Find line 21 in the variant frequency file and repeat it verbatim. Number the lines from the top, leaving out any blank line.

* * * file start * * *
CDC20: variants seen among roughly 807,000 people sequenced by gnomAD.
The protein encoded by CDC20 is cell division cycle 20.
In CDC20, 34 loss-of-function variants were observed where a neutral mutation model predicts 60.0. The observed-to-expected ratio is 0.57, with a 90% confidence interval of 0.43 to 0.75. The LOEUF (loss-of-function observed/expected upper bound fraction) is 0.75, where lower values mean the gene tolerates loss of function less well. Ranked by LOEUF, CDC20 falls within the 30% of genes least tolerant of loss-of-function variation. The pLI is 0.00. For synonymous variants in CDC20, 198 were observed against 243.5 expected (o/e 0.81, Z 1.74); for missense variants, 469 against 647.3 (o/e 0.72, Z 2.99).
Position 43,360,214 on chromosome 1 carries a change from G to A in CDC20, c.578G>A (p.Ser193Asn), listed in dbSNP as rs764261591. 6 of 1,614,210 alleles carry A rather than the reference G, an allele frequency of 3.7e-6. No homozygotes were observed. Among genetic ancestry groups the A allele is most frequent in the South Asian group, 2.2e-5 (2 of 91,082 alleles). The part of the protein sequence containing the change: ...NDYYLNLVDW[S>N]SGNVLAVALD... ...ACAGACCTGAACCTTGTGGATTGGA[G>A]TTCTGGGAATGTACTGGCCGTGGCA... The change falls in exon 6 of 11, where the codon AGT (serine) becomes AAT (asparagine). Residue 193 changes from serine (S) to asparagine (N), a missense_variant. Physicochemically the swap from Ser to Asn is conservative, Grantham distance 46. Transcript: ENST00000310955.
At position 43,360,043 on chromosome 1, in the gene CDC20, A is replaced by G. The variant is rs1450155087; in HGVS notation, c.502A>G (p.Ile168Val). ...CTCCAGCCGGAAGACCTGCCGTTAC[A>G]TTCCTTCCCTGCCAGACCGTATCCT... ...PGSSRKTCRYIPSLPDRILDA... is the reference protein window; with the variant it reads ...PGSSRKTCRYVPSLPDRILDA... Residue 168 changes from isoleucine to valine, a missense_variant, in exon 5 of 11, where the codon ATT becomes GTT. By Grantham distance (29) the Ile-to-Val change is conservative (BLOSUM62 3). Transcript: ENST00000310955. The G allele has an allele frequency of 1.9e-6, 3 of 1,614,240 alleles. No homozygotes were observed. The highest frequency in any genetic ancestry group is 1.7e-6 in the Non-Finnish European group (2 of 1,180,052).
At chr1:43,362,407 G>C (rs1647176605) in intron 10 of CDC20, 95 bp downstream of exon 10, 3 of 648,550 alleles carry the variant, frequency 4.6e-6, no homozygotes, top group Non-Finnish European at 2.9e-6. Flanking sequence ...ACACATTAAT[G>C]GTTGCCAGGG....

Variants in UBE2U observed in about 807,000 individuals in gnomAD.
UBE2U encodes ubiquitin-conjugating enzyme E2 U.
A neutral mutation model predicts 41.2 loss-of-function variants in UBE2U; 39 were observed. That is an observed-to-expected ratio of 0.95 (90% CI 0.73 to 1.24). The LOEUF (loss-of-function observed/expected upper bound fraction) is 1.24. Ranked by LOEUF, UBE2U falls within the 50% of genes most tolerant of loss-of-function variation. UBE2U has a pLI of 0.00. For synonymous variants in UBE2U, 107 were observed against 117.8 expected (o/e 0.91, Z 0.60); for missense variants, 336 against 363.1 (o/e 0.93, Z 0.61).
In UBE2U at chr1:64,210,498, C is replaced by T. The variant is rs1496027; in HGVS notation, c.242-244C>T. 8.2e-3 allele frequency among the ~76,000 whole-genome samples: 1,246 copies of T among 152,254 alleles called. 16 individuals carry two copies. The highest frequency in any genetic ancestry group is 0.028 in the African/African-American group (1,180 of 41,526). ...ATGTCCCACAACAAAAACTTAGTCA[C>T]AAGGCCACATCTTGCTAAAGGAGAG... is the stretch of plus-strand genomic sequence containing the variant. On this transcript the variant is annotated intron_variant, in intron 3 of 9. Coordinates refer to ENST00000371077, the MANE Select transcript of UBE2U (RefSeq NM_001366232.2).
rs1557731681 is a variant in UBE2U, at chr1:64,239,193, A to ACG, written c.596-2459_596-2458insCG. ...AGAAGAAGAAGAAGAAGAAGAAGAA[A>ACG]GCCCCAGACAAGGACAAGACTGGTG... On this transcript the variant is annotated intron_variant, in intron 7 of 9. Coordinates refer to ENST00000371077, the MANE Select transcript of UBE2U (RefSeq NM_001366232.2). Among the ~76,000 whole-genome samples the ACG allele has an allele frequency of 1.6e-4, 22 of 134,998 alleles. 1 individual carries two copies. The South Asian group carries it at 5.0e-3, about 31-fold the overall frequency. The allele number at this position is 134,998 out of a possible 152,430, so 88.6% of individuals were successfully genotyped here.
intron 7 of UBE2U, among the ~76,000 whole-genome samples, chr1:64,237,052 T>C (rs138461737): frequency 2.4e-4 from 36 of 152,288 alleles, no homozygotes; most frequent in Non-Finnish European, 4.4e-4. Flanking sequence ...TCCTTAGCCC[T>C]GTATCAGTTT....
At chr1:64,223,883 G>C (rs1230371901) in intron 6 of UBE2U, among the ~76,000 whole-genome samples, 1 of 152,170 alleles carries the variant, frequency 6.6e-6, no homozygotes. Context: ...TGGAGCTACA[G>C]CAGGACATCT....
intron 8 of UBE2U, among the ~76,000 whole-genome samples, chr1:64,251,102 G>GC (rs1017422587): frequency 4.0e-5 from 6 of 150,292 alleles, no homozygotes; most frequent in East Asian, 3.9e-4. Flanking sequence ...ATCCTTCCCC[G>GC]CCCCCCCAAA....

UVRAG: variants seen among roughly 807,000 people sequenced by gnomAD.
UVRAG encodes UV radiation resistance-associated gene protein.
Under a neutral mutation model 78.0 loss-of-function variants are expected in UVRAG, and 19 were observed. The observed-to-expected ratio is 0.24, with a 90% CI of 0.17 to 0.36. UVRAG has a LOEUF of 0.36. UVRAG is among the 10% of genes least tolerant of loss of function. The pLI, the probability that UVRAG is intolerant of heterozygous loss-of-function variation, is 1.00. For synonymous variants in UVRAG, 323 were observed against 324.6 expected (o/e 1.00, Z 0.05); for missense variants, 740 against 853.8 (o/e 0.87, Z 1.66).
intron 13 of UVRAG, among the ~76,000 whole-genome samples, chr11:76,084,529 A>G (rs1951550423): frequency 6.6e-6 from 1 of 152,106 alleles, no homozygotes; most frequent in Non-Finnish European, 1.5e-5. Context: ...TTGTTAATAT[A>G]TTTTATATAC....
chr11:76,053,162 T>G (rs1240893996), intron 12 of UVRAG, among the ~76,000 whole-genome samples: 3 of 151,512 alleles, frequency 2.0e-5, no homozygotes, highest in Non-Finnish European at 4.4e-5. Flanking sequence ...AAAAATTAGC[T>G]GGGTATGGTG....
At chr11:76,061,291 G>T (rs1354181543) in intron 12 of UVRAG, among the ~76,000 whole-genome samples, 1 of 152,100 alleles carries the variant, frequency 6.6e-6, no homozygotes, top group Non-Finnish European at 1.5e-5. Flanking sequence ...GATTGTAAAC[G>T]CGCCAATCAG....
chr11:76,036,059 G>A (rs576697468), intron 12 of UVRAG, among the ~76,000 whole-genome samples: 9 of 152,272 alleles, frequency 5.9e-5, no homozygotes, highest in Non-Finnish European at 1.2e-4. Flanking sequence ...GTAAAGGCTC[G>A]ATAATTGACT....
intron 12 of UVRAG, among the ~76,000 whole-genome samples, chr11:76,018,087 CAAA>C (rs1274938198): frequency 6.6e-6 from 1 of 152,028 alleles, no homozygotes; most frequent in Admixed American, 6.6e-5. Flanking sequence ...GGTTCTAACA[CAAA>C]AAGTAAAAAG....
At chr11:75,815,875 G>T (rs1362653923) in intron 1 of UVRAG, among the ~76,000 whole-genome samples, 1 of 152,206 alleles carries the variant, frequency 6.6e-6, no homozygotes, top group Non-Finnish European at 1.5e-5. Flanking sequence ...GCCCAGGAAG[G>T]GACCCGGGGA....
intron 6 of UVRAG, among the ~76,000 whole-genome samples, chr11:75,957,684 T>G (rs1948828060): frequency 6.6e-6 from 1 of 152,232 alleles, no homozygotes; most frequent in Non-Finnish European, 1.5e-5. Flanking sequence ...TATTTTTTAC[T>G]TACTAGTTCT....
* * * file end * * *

chr11:76,036,059 G>A (rs576697468), intron 12 of UVRAG, among the ~76,000 whole-genome samples: 9 of 152,272 alleles, frequency 5.9e-5, no homozygotes, highest in Non-Finnish European at 1.2e-4. Flanking sequence ...GTAAAGGCTC[G>A]ATAATTGACT....